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There is never a lack of surprises in the immigration world.  Recently, in addition to the unveiling of the President’s new executive order, USCIS announced that the agency would be temporarily suspending the premium processing program for H-1B petitions.  Beginning on April 3, 2017, and continuing for as long as six months, USCIS will not accept premium processing requests for H-1B petitions.

What is the Premium Processing Program?

Premium processing is an optional service offered by USCIS for certain eligible applications for immigration benefits.  To make use of premium processing, the petitioner must request the service using the Form I-907 and provide USCIS with an extra fee of $1,225, which is in addition to any other filing fee the petitioner may have already paid.  Once USCIS receives these materials, the agency will adjudicate the underlying application within 15 business days.  Since the normal processing time for some petitions is more than one year, the premium processing option has become more and more attractive in recent years.

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U.S. Citizenship and Immigration Services, or USCIS, is the federal agency that processes applications for immigration benefits made in the United States.  USCIS reviews and adjudicates hundreds of thousands of applications for marriage and employment-based green cards, H-1B petitions, applications for asylum, and others every single year.  Almost every one of these applications will need to be accompanied by the appropriate filing fee.  These fees currently run from less than $100 for fingerprints to more than $1,000 for green card applications.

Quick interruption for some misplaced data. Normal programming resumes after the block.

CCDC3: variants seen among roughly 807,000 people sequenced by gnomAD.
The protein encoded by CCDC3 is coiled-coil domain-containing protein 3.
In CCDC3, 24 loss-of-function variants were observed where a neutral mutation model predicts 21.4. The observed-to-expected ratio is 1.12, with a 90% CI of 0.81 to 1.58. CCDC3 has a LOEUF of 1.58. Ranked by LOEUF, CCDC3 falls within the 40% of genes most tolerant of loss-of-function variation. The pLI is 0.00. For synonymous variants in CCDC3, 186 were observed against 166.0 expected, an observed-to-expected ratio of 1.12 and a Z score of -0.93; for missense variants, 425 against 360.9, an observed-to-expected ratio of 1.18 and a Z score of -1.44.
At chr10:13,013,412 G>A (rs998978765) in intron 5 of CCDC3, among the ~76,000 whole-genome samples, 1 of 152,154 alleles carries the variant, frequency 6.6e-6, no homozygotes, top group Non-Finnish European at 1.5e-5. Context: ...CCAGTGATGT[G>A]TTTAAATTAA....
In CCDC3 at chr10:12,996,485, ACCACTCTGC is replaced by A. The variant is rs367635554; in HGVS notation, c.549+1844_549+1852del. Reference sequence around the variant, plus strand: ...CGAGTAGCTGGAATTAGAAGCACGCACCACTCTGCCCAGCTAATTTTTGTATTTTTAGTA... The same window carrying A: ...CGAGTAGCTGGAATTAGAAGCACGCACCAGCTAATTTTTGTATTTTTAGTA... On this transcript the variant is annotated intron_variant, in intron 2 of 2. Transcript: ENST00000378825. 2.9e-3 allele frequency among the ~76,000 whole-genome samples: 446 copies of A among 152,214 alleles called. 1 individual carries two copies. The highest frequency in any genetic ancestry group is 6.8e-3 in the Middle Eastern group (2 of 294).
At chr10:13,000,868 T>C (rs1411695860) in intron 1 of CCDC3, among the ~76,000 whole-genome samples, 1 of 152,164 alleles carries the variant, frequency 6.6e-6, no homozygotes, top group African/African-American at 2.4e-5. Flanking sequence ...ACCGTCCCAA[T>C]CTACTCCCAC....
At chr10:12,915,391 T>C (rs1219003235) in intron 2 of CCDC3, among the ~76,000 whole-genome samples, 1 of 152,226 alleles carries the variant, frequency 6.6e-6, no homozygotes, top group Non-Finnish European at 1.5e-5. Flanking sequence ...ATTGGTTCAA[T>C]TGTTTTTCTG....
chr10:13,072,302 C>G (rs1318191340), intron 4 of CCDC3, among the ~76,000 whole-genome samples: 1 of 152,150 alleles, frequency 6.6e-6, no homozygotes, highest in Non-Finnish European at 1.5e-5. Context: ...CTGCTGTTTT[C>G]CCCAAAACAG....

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The fees that USCIS collects are used to fund the agency’s operations, such as its payroll for the government employees who process the applications, and the facilities that house the different USCIS Service Centers.  Due to increasing costs of operations, USCIS recently announced that it will increase the required fees for many immigration applications.

The Fee Increases

Effective December 23, 2016, USCIS will require the affected applications to be accompanied by the new fees.  If an application is accompanied by the old (or otherwise incorrect) fee, USCIS will return the application to the person or company that filed it.  This is very important for time-sensitive applications, such as applications for extensions of immigration benefits, and therefore foreign nationals and companies are encouraged to pay close attention to the information provided by USCIS about the specific fee increases.